Australian Review: Chromecast (2015) – Same but different but same
To coincide with the launch of the new Chromecast, Google's also revamped its Chromecast app on both iOS and Android. The app highlights content from all Chromecast compatible applications you have installed, manages device settings, and links to the installers for other Chromecast enabled apps. While the content highlights are a good idea, you still have to press the Cast button after you chosen app opens up. It's not a huge issue, but a one-click to Cast-and-watch solution would have been great.
One thing that lets the Chromecast down when compared to other streaming hardware is the lack of a dedicated remote. If you want to pause what you're watching, you have to unlock your phone or tablet, potentially reopen the app, and then press the pause button. Even if it was sold as an optional accessory, a simple Chromecast remote with pause / play, fast forward, and rewind buttons could really help with usability.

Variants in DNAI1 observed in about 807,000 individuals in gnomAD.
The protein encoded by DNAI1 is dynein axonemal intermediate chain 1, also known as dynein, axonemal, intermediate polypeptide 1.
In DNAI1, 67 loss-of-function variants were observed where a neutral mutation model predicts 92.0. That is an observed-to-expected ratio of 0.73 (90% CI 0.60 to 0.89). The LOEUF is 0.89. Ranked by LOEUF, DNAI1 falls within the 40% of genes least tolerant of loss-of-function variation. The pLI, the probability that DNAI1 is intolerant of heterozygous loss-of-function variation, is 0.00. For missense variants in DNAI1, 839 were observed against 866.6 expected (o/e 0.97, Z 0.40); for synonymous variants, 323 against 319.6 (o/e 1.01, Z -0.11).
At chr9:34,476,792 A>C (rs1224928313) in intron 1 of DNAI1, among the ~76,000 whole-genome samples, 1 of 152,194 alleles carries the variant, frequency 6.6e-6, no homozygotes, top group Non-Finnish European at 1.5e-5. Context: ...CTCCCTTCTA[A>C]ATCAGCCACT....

4K support is another odd omission, but not really a deal breaker due to the limited amount of 4K content readily available in Australia. Nonetheless, this is a feature I'd love to see in the next Chromecast.
Google's also pitching the new Chromecast as a sort of gaming console, although it's library is fairly limited at the moment. In most cases, your smartphone acts as your controller and the game is displayed on the connected screen. I tried Angry Birds Friends, and while it was okay to play, visual quality was very hit and miss. Sometimes it looked like it was running in Full HD, but at often dropped down to noticeably lower resolutions and was prone to artefacting.
At AUD$59, the new Chromecast is a little more expensive this time around – presumably thanks to the dollar – but it's still a good buy. If you've already got a streaming box such as an Apple TV, a PlayStation 4, a Telstra TV, an Xbox One, or even an existing Chromecast, there's not really much reason to nab one, but if you're looking for a cheap and easy way to get Netflix or Stan onto your TV, the new Chromecast is perfect. It might not be very different to its predecessor, but as the saying goes, don't fix what ain't broken.